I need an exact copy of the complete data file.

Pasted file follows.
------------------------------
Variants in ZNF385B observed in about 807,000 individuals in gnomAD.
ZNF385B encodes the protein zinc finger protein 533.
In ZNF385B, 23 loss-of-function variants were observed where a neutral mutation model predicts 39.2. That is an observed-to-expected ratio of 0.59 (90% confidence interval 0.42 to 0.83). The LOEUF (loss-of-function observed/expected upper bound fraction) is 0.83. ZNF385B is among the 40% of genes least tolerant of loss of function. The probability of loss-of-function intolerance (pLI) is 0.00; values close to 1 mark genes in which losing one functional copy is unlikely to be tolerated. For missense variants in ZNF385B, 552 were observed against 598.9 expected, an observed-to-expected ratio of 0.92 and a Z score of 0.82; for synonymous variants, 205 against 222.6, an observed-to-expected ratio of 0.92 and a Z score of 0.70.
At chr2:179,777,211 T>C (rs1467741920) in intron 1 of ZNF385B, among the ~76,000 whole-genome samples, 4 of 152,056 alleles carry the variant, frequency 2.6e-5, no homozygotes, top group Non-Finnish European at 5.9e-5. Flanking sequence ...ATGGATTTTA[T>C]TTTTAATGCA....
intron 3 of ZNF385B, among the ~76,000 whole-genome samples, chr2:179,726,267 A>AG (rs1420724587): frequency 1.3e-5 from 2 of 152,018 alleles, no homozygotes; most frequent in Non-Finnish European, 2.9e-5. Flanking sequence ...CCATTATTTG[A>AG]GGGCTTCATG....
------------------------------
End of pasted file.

Variants in ZNF385B observed in about 807,000 individuals in gnomAD.
ZNF385B encodes the protein zinc finger protein 533.
In ZNF385B, 23 loss-of-function variants were observed where a neutral mutation model predicts 39.2. That is an observed-to-expected ratio of 0.59 (90% confidence interval 0.42 to 0.83). The LOEUF (loss-of-function observed/expected upper bound fraction) is 0.83. ZNF385B is among the 40% of genes least tolerant of loss of function. The probability of loss-of-function intolerance (pLI) is 0.00; values close to 1 mark genes in which losing one functional copy is unlikely to be tolerated. For missense variants in ZNF385B, 552 were observed against 598.9 expected, an observed-to-expected ratio of 0.92 and a Z score of 0.82; for synonymous variants, 205 against 222.6, an observed-to-expected ratio of 0.92 and a Z score of 0.70.
At chr2:179,777,211 T>C (rs1467741920) in intron 1 of ZNF385B, among the ~76,000 whole-genome samples, 4 of 152,056 alleles carry the variant, frequency 2.6e-5, no homozygotes, top group Non-Finnish European at 5.9e-5. Flanking sequence ...ATGGATTTTA[T>C]TTTTAATGCA....
intron 3 of ZNF385B, among the ~76,000 whole-genome samples, chr2:179,726,267 A>AG (rs1420724587): frequency 1.3e-5 from 2 of 152,018 alleles, no homozygotes; most frequent in Non-Finnish European, 2.9e-5. Flanking sequence ...CCATTATTTG[A>AG]GGGCTTCATG....